In writing about our personal experiences, we sometimes mention products & services that we use or recommend. This page may contain affiliate links for which we receive a commission.
Nor do we want a low flow shower head to give us lackluster water pressure, requiring us to spend longer periods of time in the shower rinsing soap and shampoo off our bodies either.
That would defeat the purpose of water conservation, would it not?!
WaterSense Low Flow Shower Heads
Have you ever stood under a so-called water efficient shower head and found that it didn’t meet your standards for rinsing?
Was the water (seemingly) dribbling out of the shower head?
Maybe you’ve had the opposite problem where the water was being forced through such a tiny spray former in a poor engineering effort to conserve water that you couldn’t stand under the water spray for any length of time, if you wanted your skin to stay in one piece.
This is where the EPA’s WaterSense program comes into play.
Hopefully, those days have gone the way of VHS cassette tapes.
If you’re shopping for shower heads, the EPA WaterSense label is your assurance that you’ve got a decent plumbing fixture that’s been thoroughly tested and engineered well enough to exceed federal guidelines for low flow showerheads.
If it’s a WaterSense shower head:
- It will conserve enough water to exceed current federal guidelines
- You will have a pleasant shower experience that will thoroughly rinse your body without pummeling you into oblivion with “water needles.” It will still get the job done as well as — or better than — non-EPA certified water hogs.
Let’s take a quick look at the latest and greatest in water-efficient shower heads and the guidelines that they must meet in order to earn the EPA’s WaterSense label.
Guidelines For WaterSense-Certified Showerheads
The guidelines for showerhead manufacturers are very strict and somewhat complicated, but all you need to know as a consumer are a couple of criteria to keep things simple (and for your peace of mind):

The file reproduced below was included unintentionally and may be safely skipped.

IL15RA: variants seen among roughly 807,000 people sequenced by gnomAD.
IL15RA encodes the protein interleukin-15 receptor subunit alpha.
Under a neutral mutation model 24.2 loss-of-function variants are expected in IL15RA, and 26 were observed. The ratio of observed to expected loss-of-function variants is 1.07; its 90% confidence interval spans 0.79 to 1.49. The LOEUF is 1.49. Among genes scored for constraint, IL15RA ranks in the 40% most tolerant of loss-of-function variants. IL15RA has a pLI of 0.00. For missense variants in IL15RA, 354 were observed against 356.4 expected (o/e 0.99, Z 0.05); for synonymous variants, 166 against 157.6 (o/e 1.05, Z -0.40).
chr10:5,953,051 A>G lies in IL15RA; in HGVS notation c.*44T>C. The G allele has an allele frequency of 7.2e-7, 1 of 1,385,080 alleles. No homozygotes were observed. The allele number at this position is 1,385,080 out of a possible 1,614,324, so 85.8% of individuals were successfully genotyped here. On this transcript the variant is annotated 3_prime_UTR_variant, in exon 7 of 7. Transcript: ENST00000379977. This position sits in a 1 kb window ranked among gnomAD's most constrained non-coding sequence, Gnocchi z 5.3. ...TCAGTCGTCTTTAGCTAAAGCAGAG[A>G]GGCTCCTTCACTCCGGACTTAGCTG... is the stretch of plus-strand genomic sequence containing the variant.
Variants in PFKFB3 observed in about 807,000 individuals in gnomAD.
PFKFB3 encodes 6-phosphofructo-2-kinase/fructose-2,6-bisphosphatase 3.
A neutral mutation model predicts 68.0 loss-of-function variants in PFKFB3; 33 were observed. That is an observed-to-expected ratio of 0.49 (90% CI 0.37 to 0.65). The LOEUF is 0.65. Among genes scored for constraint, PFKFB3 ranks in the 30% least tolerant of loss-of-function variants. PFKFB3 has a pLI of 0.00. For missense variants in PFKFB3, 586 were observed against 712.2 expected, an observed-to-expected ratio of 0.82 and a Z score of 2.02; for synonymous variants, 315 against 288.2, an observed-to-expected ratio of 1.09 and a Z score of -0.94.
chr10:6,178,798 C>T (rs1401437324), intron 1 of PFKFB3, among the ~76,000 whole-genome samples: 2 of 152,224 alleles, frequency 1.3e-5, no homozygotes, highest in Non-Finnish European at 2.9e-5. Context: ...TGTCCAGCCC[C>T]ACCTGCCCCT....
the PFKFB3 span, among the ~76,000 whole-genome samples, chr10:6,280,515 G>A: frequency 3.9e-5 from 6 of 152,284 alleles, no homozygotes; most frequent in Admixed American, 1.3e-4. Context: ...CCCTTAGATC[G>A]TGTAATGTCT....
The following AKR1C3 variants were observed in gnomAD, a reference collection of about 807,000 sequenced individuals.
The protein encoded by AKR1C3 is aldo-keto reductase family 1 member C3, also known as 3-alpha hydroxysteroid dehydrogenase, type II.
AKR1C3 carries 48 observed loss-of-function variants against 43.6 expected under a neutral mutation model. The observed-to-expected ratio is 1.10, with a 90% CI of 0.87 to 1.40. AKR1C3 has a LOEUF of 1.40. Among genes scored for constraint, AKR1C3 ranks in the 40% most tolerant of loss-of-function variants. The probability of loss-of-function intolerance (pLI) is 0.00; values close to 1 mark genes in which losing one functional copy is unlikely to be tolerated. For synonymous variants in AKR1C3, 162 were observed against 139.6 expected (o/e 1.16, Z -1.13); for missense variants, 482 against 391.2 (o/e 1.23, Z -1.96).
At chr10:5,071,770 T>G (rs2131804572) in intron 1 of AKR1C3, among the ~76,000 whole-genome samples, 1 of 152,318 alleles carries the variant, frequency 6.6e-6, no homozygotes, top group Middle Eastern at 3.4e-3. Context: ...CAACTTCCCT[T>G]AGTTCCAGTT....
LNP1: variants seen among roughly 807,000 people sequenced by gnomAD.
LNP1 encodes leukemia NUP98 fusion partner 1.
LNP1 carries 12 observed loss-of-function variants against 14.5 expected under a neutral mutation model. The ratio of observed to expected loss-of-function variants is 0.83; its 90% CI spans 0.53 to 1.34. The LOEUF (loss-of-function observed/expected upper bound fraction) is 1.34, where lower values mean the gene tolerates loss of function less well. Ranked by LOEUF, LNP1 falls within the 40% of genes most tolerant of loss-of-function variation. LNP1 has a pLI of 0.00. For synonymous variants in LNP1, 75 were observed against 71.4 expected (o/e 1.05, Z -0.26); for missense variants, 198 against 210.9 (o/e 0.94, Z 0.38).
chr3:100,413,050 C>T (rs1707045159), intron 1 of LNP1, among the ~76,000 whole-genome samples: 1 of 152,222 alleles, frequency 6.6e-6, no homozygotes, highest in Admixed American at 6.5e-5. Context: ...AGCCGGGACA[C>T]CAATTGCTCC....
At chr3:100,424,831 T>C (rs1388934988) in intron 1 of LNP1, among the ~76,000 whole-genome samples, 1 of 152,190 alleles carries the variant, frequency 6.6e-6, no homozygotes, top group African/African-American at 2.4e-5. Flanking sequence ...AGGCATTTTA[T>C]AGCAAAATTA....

- WaterSense showerheads must use 2.0 gallons per minute (gpm), or less, in all modes offered. There must not be instructions included for the consumer on how to override or reconfigure the unit to allow it to exceed the specified gpm.
- All showerheads with the WaterSense label must be tested and certified by an approved third-party laboratory to ensure that they meet EPA water efficiency and performance standards.
- Showerhead performance is crucial. The EPA chose to work with stakeholders — including consumers — on the performance and quality of the shower spray. It must give as good, or better, results than conventional showerheads. They have criteria that includes spray patterns, force, diameter of the spray, and much more boring stuff.
All you need to remember is that if it is labeled as a WaterSense-certified product (see the WaterSense image I provided earlier in this post), it should give you a good shower.
Brands Of WaterSense Showerheads
I could list the 200+ models and brands of certified showerhead models, but that list would quickly become outdated in just a few months.
Instead, I’ll offer this link that will be continuously updated with all of the showerhead models that are WaterSense-certified.
Here are some WaterSense shower heads found on Amazon.
Remember, showers gobble up approximately 17% of your indoor water usage. You could conserve quite a bit of water (not to mention big bucks) over time, if you switched out all of your plumbing fixtures to WaterSense certified units.
More About Water Saving Shower Heads
- How Much Money (And Water) Can You Really Save?
- Calculate Your Household Water Savings
- Water Saving Rebates
- Comparing 17 Low Flow Shower Heads
- Low Flow Showerheads FAQ
- WaterSense Toilets
- Consumer Reports’ Showerhead Buying Guide
I started as a home-stalker… visiting brand new homes under construction in the neighborhoods near my house. That inspired me to write about home building and home renovation projects — chronicling homes during different phases of construction from a consumer's point-of-view. Basically, the tips you'll find in my articles are a collection of checklists for what I think should (and should not) go into building or remodeling a quality home.